Surprisingly, Nazerali partially agrees with these reservations, but he puts a different spin on the arguments. For him, the new school is a symbol that Roma are not succeeding in the Czech school system. An examination of how Roma are pushed out of the mainstream school system here reveals de facto racial segregation in education. This school is not creating segregation; it is trying to make the best of it.

"This school will be a symbol, says Nazerali. "It will show people that Roma do indeed want to learn. It will hopefully end up being a signal to individual schools and to the Ministry of Education that Roma are capable of learning and that they should not be shut out. It will show them that Roma can succeed. Maybe it will get the authorities to change the way they do things and make the system more open to Roma."

But is there not a danger that, ten years from now, the plan will have backfired, and the Ministry of Education will only have concluded that Roma can learn, but only when they are separated from whites?

"Yes," admits Nazerali, "this could be a difficulty down the road. But I don't think that is going to happen. Look, this is only one school. Some of these kids will go to universities and return to mixed classes there. But they will go there with greater confidence that they can achieve academic success."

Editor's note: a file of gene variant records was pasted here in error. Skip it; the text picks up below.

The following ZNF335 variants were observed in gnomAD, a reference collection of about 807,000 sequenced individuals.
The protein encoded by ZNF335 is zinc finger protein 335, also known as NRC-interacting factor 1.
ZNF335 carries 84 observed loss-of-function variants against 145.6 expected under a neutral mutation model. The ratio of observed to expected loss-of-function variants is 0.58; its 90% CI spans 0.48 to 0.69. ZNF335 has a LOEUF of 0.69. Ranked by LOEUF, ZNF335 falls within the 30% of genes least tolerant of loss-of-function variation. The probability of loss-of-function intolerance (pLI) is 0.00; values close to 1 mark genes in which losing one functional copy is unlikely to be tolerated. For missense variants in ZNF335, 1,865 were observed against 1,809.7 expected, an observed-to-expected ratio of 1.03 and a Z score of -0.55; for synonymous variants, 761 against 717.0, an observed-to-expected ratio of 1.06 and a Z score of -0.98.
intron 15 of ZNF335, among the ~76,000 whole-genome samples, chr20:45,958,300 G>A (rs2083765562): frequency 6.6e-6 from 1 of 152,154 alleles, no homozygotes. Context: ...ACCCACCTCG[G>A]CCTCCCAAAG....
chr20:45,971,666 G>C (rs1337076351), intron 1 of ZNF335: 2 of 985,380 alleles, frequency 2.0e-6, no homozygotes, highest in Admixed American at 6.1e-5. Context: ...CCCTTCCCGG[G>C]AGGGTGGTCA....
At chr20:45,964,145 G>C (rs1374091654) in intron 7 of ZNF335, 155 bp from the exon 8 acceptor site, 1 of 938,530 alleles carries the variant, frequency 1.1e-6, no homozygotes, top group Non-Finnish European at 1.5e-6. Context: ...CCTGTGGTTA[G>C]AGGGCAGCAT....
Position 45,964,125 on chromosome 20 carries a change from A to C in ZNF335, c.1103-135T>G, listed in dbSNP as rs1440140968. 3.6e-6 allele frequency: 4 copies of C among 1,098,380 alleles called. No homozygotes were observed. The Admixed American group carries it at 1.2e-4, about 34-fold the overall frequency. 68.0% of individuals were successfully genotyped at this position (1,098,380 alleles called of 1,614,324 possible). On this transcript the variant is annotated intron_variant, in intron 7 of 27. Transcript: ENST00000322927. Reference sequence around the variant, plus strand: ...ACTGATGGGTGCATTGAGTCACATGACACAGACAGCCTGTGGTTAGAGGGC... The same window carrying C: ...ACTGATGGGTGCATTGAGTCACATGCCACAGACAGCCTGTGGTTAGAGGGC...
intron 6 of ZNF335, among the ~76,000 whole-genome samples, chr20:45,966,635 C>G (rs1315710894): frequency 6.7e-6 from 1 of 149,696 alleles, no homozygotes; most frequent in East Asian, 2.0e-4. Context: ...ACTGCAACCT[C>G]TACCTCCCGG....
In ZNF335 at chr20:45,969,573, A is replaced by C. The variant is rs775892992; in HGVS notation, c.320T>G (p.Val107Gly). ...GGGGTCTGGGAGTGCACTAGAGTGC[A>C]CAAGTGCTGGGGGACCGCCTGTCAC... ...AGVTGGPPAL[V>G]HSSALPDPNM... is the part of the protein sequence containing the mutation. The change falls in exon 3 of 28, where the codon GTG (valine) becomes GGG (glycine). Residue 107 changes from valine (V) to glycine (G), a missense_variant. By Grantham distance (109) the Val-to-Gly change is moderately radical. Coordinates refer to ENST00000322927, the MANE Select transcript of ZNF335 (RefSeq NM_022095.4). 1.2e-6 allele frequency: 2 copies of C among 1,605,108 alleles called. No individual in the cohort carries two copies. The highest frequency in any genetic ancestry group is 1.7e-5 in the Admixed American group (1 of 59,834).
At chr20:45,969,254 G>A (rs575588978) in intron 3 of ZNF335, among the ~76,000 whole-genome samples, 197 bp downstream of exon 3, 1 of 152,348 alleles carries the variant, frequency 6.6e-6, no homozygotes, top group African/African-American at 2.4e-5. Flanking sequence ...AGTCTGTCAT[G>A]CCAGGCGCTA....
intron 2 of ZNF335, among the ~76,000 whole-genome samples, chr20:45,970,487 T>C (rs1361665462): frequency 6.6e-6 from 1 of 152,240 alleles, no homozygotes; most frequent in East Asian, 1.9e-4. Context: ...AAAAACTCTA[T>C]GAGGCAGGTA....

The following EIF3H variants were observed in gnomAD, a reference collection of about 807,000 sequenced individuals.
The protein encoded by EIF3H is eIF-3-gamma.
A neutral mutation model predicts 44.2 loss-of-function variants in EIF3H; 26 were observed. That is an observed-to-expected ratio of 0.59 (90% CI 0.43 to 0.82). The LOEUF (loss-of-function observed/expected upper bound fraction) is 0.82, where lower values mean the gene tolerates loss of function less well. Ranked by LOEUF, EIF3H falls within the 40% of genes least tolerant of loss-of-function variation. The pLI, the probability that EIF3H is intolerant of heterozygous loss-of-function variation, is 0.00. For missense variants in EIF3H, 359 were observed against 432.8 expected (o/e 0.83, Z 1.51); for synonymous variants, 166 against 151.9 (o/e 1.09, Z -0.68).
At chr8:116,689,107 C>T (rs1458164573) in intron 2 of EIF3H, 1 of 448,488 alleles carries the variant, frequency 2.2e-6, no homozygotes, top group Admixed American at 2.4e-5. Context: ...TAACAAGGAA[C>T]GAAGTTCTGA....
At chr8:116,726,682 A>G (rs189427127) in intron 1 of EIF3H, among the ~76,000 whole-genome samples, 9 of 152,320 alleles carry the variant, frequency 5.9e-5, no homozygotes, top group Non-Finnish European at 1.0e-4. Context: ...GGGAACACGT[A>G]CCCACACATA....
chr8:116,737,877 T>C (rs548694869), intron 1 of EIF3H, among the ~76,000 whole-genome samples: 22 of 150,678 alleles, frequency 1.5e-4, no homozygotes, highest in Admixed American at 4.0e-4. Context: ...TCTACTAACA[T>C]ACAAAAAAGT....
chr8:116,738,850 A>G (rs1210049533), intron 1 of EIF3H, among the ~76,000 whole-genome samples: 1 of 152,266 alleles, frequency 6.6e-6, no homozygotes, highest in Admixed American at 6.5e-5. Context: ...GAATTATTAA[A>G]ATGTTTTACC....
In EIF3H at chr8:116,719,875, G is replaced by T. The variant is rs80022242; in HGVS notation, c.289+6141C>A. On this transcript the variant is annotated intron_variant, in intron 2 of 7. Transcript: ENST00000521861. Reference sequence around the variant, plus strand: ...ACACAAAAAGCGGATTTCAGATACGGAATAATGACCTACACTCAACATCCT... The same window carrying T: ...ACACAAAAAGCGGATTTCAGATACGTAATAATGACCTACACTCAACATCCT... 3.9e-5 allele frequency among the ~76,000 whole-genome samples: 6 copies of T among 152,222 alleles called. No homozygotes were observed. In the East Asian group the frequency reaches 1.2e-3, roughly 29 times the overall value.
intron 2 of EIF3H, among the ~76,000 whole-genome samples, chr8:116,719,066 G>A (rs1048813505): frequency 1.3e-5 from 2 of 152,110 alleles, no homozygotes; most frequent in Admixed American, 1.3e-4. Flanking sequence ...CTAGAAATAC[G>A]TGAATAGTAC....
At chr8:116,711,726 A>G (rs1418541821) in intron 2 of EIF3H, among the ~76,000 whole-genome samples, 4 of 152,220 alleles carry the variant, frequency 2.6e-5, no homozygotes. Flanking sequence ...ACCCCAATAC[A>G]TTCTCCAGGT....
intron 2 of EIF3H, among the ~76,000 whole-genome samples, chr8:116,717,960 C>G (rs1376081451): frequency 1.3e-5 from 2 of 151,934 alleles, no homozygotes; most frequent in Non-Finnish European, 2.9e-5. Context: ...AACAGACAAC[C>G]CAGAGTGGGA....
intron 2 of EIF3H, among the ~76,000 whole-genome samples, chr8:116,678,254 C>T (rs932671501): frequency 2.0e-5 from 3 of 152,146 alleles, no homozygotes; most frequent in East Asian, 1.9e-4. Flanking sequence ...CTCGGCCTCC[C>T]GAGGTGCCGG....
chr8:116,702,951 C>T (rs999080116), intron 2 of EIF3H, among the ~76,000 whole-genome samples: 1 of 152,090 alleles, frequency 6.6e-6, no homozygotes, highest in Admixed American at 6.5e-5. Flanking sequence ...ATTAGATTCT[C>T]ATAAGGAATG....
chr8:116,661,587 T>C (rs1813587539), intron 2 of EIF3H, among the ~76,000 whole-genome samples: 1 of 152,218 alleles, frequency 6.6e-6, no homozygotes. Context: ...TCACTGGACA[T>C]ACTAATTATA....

Not a "normal school"

Despite the efforts of those involved to convince the world that this is a "normal school" like any other in the Republic, the fact is that the Romani High School in Kolín is not a normal school. These students are taking part in what is generally considered a social experiment by observers both in the Czech Republic and abroad. The students are going to be under the microscope much more than kids in any normal school.

In fact, these students, somewhat like the first ethnic minorities who entered white schools in the US when the wall of legal segregation started coming down, will have to be better than normal. There will be pressure upon them to perform and to exhibit exemplary behavior. They will be held to a higher standard, and ethnicity will continue to be an issue.